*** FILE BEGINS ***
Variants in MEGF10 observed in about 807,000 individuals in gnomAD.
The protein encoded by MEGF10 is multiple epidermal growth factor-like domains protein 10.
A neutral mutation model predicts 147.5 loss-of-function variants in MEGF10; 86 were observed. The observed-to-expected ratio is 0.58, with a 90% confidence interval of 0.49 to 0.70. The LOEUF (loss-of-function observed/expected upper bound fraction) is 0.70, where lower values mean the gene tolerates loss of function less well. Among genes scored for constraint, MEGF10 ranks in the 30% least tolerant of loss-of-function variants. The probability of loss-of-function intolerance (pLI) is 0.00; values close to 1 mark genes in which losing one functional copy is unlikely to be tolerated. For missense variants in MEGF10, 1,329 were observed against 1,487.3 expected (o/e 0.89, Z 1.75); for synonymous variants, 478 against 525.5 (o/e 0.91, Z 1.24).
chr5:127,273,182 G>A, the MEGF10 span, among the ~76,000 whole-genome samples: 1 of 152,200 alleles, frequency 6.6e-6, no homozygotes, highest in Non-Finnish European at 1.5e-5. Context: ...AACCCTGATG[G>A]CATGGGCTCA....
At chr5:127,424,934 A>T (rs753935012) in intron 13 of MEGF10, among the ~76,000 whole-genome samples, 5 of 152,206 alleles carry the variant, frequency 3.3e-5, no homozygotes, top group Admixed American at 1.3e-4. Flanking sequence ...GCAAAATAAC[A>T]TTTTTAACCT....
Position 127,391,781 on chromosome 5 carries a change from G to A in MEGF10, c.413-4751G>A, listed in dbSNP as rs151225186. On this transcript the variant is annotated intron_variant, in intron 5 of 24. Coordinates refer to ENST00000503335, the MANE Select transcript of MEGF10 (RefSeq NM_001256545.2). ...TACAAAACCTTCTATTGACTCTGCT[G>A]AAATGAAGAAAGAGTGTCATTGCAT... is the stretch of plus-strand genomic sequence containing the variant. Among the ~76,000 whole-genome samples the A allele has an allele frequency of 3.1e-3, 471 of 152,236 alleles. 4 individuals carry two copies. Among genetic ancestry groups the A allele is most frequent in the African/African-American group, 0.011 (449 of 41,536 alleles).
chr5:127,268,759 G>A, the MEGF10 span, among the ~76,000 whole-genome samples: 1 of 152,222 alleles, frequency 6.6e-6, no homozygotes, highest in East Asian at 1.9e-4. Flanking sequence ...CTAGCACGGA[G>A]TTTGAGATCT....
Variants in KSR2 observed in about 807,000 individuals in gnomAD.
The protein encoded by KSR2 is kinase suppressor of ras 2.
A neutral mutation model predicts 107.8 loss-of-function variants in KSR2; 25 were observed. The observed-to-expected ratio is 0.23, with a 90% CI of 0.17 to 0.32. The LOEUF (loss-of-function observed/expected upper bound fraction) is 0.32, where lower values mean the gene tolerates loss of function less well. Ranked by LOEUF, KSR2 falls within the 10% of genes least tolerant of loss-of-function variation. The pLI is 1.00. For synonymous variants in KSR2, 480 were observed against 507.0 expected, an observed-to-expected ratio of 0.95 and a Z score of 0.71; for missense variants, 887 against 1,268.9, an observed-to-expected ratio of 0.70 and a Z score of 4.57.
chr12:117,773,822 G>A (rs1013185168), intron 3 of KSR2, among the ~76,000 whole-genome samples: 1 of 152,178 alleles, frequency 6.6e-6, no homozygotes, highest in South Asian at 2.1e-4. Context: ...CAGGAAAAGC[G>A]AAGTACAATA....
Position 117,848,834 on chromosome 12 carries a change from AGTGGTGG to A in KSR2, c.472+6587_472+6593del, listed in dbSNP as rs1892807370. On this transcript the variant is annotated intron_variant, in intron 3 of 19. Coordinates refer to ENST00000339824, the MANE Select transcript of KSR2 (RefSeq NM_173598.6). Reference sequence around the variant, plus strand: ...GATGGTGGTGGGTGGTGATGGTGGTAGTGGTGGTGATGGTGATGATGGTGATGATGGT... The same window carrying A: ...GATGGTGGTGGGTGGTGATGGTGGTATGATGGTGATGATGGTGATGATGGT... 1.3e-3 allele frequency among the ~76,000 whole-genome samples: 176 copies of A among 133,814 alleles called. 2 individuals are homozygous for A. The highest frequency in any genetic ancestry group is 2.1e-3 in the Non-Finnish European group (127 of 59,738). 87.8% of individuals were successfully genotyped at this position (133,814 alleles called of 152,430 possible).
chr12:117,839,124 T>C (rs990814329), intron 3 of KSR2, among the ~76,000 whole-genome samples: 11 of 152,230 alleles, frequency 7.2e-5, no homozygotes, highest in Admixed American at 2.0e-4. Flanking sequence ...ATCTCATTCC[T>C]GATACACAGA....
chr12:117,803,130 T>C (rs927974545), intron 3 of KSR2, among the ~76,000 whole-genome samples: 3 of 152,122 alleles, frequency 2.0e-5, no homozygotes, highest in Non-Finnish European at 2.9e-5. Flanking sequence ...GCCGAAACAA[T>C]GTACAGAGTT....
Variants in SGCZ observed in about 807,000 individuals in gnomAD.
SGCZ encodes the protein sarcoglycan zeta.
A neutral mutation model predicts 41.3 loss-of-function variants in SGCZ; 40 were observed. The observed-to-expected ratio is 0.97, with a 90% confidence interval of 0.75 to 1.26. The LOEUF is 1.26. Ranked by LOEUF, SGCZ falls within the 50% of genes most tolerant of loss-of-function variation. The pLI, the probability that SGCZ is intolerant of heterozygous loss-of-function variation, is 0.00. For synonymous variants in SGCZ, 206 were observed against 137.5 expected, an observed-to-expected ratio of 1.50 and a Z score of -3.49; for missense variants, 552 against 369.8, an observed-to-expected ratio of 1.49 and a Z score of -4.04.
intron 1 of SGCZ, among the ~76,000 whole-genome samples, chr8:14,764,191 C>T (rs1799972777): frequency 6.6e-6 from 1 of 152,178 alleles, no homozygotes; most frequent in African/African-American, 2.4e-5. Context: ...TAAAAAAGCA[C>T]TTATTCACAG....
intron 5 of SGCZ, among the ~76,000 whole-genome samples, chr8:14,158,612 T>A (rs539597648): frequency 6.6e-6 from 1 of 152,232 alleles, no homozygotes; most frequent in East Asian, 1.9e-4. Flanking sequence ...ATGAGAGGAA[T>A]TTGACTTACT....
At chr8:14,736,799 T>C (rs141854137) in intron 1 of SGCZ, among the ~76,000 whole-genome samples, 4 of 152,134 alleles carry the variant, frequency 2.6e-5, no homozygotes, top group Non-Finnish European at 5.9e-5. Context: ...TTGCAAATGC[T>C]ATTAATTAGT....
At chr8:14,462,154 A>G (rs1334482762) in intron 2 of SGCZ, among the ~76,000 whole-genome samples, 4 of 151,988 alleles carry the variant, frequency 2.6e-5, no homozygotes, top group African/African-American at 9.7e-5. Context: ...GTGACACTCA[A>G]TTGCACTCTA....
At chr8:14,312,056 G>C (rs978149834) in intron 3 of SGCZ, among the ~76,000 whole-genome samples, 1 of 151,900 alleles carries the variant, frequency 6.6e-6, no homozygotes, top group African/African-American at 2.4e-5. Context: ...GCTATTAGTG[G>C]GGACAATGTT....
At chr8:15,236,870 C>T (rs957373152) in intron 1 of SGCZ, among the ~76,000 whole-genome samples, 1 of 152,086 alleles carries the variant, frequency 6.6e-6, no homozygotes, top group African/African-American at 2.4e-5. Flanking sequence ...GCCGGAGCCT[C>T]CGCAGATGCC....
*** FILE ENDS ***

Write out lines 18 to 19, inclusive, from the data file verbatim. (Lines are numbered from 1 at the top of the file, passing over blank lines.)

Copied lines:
intron 1 of SGCZ, among the ~76,000 whole-genome samples, chr8:14,764,191 C>T (rs1799972777): frequency 6.6e-6 from 1 of 152,178 alleles, no homozygotes; most frequent in African/African-American, 2.4e-5. Context: ...TAAAAAAGCA[C>T]TTATTCACAG....
intron 5 of SGCZ, among the ~76,000 whole-genome samples, chr8:14,158,612 T>A (rs539597648): frequency 6.6e-6 from 1 of 152,232 alleles, no homozygotes; most frequent in East Asian, 1.9e-4. Flanking sequence ...ATGAGAGGAA[T>A]TTGACTTACT....